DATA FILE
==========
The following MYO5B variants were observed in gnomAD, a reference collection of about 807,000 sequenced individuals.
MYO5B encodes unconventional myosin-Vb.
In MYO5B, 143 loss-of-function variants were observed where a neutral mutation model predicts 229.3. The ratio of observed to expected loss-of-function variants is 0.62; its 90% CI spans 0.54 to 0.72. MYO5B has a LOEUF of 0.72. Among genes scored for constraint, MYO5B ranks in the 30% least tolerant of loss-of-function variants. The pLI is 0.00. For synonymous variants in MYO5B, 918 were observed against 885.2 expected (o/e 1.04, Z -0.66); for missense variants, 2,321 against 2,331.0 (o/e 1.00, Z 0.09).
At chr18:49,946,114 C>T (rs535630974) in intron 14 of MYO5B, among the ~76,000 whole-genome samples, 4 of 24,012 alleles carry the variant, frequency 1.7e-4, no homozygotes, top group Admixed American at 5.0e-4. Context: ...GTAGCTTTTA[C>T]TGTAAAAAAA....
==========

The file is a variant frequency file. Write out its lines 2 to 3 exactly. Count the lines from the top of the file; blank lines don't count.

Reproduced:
MYO5B encodes unconventional myosin-Vb.
In MYO5B, 143 loss-of-function variants were observed where a neutral mutation model predicts 229.3. The ratio of observed to expected loss-of-function variants is 0.62; its 90% CI spans 0.54 to 0.72. MYO5B has a LOEUF of 0.72. Among genes scored for constraint, MYO5B ranks in the 30% least tolerant of loss-of-function variants. The pLI is 0.00. For synonymous variants in MYO5B, 918 were observed against 885.2 expected (o/e 1.04, Z -0.66); for missense variants, 2,321 against 2,331.0 (o/e 1.00, Z 0.09).